And he said, "Huh, that's pretty good. Can we use it?"
(Explosion) ("Sure") (Laughter)
RL: I think he's a great American.
So, "Titanic" was, if you don't know the story, doesn't end well.
Jim Cameron actually photographed the real Titanic. So he basically set up, or basically shattered the suspension of disbelief, because what he photographed was the real thing, a Mir sub going down, or actually two Mir subs going down to the real wreck, and he created this very haunting footage. It's really beautiful, and it conjures up all these various different emotions, but he couldn't photograph everything, and to tell the story, I had to fill in the gaps, which is now rather daunting, because now I have to recreate back to back what really happened and I had, I'm the only one who could really blow it at that point.
So this is the footage he photographed, and it was pretty moving and pretty awe-inspiring. So I'm going to just let it run, so you kind of absorb this sort of thing, and I'll describe my sort of reactions when I was looking at it for the very first time. I got the feeling that my brain wanted to basically see it come back to life. I automatically wanted to see this ship, this magnificent ship, basically in all its glory, and conversely, I wanted to see it not in all its glory, basically go back to what it looks like.
So I conjured up an effect that I'm later going to show you what I tried to do, which is kind of the heart of the movie, for me, and so that's why I wanted to do the movie, that's why I wanted to create the sort of things I created.
And I'll show you, you know, another thing that I found interesting is what we really were emoting to when you take a look at it. So here's the behind the scenes, a couple of little shots here. So, when you saw my footage, you were seeing this: basically, a bunch of guys flipping a ship upside down, and the little Mir subs are actually about the size of small footballs, and shot in smoke. Jim went three miles went down, and I went about three miles away from the studio and photographed this in a garage.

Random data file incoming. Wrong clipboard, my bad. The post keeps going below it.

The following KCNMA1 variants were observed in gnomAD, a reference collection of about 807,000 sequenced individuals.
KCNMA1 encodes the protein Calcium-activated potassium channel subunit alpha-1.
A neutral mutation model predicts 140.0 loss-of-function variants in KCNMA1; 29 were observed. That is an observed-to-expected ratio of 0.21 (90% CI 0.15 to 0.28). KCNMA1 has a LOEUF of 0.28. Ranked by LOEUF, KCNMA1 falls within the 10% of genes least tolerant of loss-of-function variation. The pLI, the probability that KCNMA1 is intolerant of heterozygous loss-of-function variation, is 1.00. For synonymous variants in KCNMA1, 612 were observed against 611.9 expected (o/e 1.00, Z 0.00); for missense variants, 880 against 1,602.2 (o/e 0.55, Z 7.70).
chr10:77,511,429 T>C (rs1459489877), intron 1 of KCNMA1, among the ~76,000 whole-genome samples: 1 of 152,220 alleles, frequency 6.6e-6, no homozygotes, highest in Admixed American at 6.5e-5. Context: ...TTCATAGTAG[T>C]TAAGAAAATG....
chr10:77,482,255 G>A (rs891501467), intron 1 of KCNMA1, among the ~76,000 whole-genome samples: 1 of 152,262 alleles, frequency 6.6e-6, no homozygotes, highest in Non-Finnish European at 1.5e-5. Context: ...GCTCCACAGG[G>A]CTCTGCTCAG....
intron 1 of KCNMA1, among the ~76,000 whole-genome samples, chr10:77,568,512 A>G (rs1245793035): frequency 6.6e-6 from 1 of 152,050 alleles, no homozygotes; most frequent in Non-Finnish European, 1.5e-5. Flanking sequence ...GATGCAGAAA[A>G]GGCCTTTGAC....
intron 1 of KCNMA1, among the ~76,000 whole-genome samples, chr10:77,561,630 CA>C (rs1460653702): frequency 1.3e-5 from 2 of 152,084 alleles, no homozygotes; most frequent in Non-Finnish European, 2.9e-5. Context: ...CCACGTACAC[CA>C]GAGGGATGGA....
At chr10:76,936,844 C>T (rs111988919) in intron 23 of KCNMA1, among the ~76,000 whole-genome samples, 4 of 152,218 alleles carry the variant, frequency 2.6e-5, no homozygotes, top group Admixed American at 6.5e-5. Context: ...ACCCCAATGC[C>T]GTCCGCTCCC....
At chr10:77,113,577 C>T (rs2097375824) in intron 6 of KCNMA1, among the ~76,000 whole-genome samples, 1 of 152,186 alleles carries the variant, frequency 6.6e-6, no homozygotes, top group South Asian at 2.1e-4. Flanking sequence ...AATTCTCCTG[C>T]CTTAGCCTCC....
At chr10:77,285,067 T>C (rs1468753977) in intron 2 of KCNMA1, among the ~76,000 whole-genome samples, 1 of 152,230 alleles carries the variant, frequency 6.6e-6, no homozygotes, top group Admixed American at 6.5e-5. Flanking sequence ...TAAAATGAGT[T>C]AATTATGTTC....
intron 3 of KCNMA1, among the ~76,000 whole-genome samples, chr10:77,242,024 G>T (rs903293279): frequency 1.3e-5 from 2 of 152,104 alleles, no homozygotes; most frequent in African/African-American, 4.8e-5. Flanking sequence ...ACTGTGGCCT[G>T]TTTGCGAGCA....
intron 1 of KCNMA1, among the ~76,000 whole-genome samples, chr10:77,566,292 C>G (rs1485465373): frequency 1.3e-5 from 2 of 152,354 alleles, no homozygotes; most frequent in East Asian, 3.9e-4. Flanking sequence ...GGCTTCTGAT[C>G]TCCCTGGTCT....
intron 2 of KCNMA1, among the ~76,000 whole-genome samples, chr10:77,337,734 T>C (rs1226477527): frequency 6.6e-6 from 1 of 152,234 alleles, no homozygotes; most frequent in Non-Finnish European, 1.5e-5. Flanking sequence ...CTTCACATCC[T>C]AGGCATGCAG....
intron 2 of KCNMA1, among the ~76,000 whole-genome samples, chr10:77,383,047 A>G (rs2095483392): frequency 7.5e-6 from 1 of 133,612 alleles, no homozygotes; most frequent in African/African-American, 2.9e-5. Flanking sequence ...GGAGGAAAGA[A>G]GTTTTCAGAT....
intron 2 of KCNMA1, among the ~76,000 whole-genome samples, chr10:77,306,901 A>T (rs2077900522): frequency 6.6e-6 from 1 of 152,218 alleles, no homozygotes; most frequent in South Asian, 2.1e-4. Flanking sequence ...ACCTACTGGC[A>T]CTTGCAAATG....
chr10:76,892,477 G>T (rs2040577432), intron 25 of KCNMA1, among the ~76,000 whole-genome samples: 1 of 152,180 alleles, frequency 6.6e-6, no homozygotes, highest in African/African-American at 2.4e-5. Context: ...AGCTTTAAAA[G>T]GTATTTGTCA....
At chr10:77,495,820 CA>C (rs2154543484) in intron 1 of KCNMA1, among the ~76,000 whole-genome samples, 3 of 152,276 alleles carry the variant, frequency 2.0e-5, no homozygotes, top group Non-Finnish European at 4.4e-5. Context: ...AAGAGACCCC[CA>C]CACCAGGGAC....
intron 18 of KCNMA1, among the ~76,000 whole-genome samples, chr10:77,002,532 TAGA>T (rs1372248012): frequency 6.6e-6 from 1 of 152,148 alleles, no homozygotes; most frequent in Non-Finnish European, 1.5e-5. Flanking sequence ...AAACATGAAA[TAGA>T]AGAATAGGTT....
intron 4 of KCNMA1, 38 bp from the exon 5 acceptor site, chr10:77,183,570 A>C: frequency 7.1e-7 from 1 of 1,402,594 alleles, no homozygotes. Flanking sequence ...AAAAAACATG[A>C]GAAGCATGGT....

And so, but what you're emoting to, or what you're looking at, had the same feeling, the same haunting quality, that Jim's footage had, so I found it so fascinating that our brains sort of, once you believe something's real, you transfer everything that you feel about it, this quality you have, and it's totally artificial. It's totally make-believe, yet it's not to you, and I found that that was a very interesting thing to explore and use, and it caused me to create the next effect that I'll show you, which is this sort of magic transition, and all I was really attempting to do is basically have the audience cue the effect, so it became a seamless experience for them, that I wasn't showing you my sort of interpretation, I was showing you what you wanted to see. And the very next shot, right after this — So you can see what I was doing.
So basically, if there's two subs in the same shot, I shot it, because where's the camera coming from? And when Jim shot it, it was only one sub, because he was photographing from the other, and I don't remember if I did this or Jim did this. I'll give it to Jim, because he could use the pat on the back.